If that suggestion is made, the answer is that such a policy would breed contention. It certainly would. No moral project can be presented and no adventure made without resistance from the traditionalist and debate among experimentalists.
Niebuhr was a realist.  He was also a doer.  It wasn’t enough to talk about ideals when there’s work to be done.  Yes, there might be resistance.  The preacher might get some flack.  But we must move to specifics.  That was the message that Martin Luther King gave to white clergy as he sat in a Birmingham jail.  Now was the time for action.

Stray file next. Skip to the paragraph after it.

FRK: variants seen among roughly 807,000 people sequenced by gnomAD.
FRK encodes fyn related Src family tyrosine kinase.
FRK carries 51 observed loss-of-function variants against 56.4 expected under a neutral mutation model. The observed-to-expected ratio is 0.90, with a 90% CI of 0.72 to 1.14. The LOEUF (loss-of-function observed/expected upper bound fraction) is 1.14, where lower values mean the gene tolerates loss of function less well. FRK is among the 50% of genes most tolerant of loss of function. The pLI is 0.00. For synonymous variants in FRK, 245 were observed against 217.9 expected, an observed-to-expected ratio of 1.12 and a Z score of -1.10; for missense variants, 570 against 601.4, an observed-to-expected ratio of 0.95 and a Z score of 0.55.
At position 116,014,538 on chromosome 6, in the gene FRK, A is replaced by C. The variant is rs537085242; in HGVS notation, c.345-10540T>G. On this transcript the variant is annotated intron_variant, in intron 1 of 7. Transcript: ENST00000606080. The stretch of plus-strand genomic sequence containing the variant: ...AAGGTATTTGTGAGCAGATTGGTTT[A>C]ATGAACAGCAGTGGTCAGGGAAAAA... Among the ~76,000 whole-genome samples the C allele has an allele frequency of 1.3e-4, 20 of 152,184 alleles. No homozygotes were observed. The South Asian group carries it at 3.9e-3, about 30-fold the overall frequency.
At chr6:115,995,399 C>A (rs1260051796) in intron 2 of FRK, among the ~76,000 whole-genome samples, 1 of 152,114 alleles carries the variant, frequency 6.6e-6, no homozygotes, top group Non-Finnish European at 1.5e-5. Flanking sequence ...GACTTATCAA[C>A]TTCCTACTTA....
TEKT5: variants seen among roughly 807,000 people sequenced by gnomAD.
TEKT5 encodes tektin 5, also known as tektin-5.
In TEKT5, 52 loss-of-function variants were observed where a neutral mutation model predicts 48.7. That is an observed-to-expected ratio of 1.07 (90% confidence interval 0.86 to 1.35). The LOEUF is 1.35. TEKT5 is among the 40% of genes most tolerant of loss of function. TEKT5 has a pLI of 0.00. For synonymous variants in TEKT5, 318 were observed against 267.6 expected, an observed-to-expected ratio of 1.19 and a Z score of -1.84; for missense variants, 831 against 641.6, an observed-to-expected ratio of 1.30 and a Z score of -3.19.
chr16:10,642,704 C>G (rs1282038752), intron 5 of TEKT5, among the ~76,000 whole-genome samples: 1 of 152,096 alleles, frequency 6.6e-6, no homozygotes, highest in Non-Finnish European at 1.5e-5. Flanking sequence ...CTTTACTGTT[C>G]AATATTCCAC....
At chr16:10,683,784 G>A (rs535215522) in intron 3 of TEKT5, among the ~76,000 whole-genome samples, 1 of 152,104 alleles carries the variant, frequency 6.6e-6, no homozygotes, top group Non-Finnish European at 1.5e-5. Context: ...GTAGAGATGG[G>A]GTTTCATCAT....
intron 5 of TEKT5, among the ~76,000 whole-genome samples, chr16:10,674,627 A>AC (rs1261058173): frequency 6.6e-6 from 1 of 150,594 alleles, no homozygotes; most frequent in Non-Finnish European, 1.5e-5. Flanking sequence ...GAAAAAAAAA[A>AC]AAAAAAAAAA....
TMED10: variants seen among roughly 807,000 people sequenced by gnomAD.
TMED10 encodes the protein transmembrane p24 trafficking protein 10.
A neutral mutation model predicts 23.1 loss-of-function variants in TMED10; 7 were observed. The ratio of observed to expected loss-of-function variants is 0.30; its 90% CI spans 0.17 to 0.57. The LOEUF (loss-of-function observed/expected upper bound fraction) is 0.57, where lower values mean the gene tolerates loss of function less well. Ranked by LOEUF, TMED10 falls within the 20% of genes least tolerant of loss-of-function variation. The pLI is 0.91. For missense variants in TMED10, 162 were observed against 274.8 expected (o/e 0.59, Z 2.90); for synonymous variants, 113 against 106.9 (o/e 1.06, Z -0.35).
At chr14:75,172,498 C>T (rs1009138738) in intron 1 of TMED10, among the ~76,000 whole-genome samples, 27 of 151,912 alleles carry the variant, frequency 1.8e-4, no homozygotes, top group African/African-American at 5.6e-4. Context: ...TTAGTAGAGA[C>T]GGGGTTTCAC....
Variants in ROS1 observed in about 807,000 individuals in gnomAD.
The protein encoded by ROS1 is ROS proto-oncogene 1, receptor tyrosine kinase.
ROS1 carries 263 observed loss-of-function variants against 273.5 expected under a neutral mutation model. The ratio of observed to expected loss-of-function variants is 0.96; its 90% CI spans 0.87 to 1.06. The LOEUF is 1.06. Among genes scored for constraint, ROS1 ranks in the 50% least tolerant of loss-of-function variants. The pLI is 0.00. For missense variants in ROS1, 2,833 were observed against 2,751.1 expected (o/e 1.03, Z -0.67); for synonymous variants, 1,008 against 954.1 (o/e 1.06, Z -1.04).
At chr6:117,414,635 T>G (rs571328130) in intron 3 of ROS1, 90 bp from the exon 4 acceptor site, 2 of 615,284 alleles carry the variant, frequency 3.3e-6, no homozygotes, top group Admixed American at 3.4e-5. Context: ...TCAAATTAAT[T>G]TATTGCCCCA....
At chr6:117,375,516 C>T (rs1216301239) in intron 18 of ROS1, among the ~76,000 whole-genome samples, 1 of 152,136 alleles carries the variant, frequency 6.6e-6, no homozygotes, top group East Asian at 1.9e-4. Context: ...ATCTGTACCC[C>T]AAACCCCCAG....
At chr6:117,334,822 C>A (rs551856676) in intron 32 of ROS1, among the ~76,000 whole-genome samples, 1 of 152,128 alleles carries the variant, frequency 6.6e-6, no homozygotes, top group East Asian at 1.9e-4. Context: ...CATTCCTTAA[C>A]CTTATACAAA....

Detroit is in trouble, but so are the suburbs.  The trouble may not seem immediate out here, but we’re all in this together.  One of the possible bridges to a new day for the people of Metro-Detroit is the creation of a truly effective and affordable public transit system.  It will benefit young adults who want to live in the city.  It will also help residents of both the city and the suburbs get to their jobs in an efficient and effective manner.  It’s even friendly to the environment.  The question is – are we listening to each other and as we listen to each other, are we recognizing the presence of God in our midst?  And if we do, are we willing to follow God’s pathway to peace and justice in our world?  

Preached by:
Dr. Robert D. Cornwall, Pastor
Central Woodward Christian Church (Disciples of Christ)
Troy, Michigan
3rd Sunday of Lent
March 23, 2014